Moneyball: The Art of Winning an Unfair Game - Michael Lewis

Moneyball: The Art of Winning an Unfair Game

By Michael Lewis

  • Release Date: 2004-03-17
  • Genre: Sports & Outdoors
Score: 4.5
From 1,151 Ratings


Michael Lewis’s instant classic may be “the most influential book on sports ever written” (People), but “you need know absolutely nothing about baseball to appreciate the wit, snap, economy and incisiveness of [Lewis’s] thoughts about it” (Janet Maslin, New York Times).

One of GQ's 50 Best Books of Literary Journalism of the 21st Century

Just before the 2002 season opens, the Oakland Athletics must relinquish its three most prominent (and expensive) players and is written off by just about everyone—but then comes roaring back to challenge the American League record for consecutive wins. How did one of the poorest teams in baseball win so many games?

In a quest to discover the answer, Michael Lewis delivers not only “the single most influential baseball book ever” (Rob Neyer, Slate) but also what “may be the best book ever written on business” (Weekly Standard). Lewis first looks to all the logical places—the front offices of major league teams, the coaches, the minds of brilliant players—but discovers the real jackpot is a cache of numbers?numbers!?collected over the years by a strange brotherhood of amateur baseball enthusiasts: software engineers, statisticians, Wall Street analysts, lawyers, and physics professors.

What these numbers prove is that the traditional yardsticks of success for players and teams are fatally flawed. Even the box score misleads us by ignoring the crucial importance of the humble base-on-balls. This information had been around for years, and nobody inside Major League Baseball paid it any mind. And then came Billy Beane, general manager of the Oakland Athletics. He paid attention to those numbers?with the second-lowest payroll in baseball at his disposal he had to?to conduct an astonishing experiment in finding and fielding a team that nobody else wanted.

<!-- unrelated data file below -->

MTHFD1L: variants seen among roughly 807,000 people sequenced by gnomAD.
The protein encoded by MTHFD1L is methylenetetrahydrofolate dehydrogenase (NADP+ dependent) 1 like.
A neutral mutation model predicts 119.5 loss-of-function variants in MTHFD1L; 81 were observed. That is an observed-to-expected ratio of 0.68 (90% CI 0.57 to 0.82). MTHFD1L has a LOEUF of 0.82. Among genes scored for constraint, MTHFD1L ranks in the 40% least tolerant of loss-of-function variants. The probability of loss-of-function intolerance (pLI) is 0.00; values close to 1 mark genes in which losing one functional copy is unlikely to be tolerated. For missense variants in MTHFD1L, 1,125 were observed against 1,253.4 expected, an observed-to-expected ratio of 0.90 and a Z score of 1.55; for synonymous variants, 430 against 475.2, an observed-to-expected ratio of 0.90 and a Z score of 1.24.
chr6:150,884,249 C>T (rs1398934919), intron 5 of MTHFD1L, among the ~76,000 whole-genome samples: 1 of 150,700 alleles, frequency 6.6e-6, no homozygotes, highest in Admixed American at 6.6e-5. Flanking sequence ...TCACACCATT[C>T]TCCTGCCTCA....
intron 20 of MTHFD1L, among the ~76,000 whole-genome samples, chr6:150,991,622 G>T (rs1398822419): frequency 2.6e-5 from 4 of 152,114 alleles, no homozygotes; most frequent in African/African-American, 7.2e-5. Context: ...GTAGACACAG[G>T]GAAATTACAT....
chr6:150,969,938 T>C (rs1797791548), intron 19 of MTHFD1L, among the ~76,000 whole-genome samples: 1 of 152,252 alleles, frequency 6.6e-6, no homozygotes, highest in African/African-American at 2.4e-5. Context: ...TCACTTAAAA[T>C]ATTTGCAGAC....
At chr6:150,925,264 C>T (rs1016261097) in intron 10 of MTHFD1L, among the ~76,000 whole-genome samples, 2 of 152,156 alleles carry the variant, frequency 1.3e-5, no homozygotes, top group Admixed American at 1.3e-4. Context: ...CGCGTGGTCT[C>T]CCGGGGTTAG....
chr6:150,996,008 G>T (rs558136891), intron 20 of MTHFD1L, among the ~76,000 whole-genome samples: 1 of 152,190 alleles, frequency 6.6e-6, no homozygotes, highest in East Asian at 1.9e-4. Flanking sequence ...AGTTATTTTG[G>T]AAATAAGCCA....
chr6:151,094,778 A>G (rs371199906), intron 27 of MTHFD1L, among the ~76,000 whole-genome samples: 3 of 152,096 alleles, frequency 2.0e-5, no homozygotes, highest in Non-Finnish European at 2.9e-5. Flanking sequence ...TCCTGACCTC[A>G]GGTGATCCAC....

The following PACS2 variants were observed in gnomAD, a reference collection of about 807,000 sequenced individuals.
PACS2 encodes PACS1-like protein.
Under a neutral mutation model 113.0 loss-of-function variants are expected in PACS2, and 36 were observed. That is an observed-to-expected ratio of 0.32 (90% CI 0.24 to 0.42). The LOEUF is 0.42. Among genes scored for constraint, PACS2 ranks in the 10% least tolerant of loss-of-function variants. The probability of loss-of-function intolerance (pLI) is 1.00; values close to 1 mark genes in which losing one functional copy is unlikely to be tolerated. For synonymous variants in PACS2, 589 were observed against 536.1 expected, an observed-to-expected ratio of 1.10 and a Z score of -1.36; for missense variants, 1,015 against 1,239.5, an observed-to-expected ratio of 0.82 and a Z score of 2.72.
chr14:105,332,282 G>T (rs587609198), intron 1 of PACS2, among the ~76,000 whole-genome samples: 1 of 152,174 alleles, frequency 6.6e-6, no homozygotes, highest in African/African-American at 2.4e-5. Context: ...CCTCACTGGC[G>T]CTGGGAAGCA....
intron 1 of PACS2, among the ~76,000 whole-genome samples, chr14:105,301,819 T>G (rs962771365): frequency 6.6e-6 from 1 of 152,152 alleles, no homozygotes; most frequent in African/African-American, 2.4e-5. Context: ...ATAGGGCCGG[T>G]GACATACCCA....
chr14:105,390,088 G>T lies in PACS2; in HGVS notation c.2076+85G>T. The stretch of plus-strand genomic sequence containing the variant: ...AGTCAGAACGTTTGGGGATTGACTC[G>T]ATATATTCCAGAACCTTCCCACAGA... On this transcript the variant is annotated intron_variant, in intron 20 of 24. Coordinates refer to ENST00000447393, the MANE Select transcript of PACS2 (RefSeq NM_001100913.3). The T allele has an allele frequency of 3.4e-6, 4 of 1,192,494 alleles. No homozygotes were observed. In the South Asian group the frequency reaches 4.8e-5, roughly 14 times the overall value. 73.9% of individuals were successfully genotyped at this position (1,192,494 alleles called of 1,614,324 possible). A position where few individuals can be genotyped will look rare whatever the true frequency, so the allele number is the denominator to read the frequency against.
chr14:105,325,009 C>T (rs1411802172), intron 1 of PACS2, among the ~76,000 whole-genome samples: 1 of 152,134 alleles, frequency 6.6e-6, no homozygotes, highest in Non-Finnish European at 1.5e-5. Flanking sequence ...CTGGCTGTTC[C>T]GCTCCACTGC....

In a narrative full of fabulous characters and brilliant excursions into the unexpected, Michael Lewis shows us how and why the new baseball knowledge works. He also sets up a sly and hilarious morality tale: Big Money, like Goliath, is always supposed to win . . . how can we not cheer for David?


  • Rude Acknowledgements

    By Smubs
    In this book, the author criticizes my friend, Ms. Dani Mabry's father, John calling him a so called "bench player". This statement is false for he is an exuberant example of a ball player. Shame on the author for his use of wording.
  • Money Ball

    By ooreoooo
    Money Ball reignited my interest in baseball after gradually falling away from the game the last 55 years. Now if they will just move the fences back 40 feet so like in Ty Cobb's day the home run king scores less than 10 round-trippers!
  • Fantastic!!!!

    By tmac148
    …and so begins my own walk into the data in baseball. Thank you Michael!
  • One of my favorite reads ever.

    By IL St No-Show
    Gave a great prospective on how sabermetrics are being looked at by ball clubs in baseball. Must read for any true fan of baseball.
  • Moneyball

    By MemoQ
    Awesome read!!! Makes me fall in love with baseball all over again.
  • Great book

    By spliffygriff
    Definitely worth the read. Buy it and don't look back
  • Moneyball hit it out of the park!

    By Lil Frankie 6
    This book opened my eyes to a whole new outlook in baseball. Great reading for this person who considered himself a traditionalist. But now have a very different view on about the sport and the people in and around it.....
  • Money ball

    By Hockeyfanusc
    A great baseball book. I can't wait to see the movie.
  • Moneyball

    By A milli A milli
    This book is brilliant! I couldn't put it down, it was so fascinating and inspiring!
  • Funeme

    By Funeme
    Terrific book! Ten years after its publication, the ideas that were so controversial then are still being debated now. I will use the book as a reference as this year's playoffs are played.